A neuroma is a painful condition, also referred to as a “pinched nerve” or a nerve tumor. It is a benign growth of nerve tissue frequently found between the third and fourth toes that brings on pain, a burning sensation, tingling, or numbness between the toes and in the ball of the foot.

The principal symptom associated with a neuroma is pain between the toes while walking. Those suffering from the condition often find relief by stopping their walk, taking off their shoe, and rubbing the affected area. At times, the patient will describe the pain as similar to having a stone in his or her shoe. The vast majority of people who develop neuromas are women.

How neuromas develop

Although the exact cause for this condition is unclear, a number of factors can contribute to the formation of a neuroma.

  • Biomechanical deformities, such as a high-arched foot or a flat foot, can lead to the formation of a neuroma. These foot types bring on instability around the toe joints, leading to the development of the condition.
  • Trauma can cause damage to the nerve, resulting in inflammation or swelling of the nerve.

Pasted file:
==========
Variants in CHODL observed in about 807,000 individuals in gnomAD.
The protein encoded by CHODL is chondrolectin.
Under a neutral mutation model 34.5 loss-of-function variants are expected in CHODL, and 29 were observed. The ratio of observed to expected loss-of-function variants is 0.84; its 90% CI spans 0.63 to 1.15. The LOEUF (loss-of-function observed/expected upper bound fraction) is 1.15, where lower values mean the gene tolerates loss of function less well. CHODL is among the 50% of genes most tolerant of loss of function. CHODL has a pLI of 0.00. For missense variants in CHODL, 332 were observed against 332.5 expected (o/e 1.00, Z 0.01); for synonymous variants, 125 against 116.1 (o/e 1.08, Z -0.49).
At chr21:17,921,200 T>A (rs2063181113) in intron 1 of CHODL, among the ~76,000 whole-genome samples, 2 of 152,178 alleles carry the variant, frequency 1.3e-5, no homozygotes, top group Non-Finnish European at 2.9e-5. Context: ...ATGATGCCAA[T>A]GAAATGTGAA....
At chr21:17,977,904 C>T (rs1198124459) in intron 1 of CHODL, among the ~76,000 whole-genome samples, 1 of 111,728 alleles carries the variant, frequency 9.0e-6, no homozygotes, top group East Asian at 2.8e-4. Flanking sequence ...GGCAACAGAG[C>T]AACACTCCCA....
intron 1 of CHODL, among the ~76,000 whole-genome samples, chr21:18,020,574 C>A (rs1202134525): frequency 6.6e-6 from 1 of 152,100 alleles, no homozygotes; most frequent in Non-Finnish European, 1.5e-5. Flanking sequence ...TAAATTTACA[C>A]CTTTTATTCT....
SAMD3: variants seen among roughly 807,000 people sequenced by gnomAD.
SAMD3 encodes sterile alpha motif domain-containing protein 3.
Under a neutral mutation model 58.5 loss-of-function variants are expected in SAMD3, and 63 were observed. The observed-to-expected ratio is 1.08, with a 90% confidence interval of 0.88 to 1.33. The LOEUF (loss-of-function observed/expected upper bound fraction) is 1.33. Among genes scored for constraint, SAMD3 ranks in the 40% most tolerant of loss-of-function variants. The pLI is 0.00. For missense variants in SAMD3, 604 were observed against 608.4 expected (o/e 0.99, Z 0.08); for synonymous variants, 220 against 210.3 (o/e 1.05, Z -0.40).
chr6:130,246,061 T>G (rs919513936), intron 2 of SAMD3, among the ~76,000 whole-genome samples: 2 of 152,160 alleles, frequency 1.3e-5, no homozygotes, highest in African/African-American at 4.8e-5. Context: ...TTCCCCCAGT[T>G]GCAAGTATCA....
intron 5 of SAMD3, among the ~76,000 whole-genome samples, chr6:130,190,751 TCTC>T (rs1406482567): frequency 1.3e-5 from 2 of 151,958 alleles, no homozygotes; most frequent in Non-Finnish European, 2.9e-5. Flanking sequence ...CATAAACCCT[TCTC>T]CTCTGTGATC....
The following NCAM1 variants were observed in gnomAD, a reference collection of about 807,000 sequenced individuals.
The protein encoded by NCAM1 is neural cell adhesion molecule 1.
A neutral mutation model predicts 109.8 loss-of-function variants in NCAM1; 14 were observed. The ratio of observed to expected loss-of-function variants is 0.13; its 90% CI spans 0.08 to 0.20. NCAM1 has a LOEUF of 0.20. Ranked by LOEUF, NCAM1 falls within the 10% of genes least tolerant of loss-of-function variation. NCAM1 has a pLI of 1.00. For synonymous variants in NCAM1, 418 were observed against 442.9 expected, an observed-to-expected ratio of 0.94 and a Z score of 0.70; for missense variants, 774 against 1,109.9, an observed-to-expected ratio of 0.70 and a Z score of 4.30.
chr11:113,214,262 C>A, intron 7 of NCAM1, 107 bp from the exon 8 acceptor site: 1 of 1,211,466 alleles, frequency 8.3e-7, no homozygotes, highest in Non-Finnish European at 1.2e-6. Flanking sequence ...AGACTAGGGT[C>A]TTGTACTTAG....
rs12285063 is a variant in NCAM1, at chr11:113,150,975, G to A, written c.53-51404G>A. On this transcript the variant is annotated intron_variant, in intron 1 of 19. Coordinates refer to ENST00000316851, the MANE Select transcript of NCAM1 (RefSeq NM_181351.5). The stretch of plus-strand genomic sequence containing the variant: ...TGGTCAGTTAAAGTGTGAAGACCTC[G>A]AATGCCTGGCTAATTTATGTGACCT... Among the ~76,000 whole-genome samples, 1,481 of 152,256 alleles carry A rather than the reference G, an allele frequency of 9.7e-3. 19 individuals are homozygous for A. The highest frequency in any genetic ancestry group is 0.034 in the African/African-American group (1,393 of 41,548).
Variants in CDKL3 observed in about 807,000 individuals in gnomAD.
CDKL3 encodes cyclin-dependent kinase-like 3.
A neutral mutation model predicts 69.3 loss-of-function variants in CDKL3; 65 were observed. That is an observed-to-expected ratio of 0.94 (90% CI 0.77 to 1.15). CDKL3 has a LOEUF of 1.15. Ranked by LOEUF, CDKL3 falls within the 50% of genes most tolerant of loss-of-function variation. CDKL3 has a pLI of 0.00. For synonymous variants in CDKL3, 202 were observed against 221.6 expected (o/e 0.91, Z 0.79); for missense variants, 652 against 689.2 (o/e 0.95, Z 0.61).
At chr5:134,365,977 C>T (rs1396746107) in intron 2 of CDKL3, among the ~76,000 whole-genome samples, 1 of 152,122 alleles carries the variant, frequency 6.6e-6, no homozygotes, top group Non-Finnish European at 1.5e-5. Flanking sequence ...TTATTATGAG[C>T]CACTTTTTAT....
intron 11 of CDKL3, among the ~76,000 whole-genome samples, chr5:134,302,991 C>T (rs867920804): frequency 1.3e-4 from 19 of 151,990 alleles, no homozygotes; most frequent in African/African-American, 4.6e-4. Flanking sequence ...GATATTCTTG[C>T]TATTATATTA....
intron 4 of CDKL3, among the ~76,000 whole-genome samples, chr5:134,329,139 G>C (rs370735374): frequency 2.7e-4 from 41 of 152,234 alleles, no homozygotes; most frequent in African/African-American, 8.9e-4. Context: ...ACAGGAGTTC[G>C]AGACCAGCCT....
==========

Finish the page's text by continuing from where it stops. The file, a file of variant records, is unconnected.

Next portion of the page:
• Improper footwear that causes the toes to be squeezed together is problematic. Avoid high-heeled shoes higher than two inches. Shoes at this height can increase pressure on the forefoot area.
  • Repeated stress, common to many occupations, can create or aggravate a neuroma.


Surgery removes the inflamed and enlarged nerve and is done on an outpatient basis. Recovery is often just a few weeks.

Pre- and Post-operative

The answers to many of your pre- and post-operative questions are in the pre-operative handout that was given to you. Please take a moment and read through it.

Your first post-operative appointment will be 10 – 14 days after surgery. At that time, the dressing and sutures will be removed. You will be given a special shoe called an orthowedge or negative heel shoe, which allows you to walk, but places pressure on your heel rather than the toes.

You will be able to wear a stiff-soled sandal or shoe 6 – 8 weeks following surgery. Custom orthotics for your shoes may be prescribed. Swelling may take up to one year to completely subside. Please note that if surgery was on your right foot, you will not be able to drive until you are able to wear street shoes.

You will be able to participate in some exercise programs once the sutures are removed. In general, pleasure walking, swimming, elliptical, and stationary biking are acceptable. Tennis, running, and other forms of exercise that involve placing a large amount of pressure on the toes or sudden stops are not advised for at least 6 – 9 months post-op. Some positions required in yoga are not recommended.

Make an Appointment

To schedule an appointment with a foot and ankle specialist, please call our scheduling line.

Phone: 202-444-3668

Foot and Ankle Specialists

Paul S. Cooper, MD
Paul S. Cooper, MD
Francis X. McGuigan, MD
Francis X. McGuigan, MD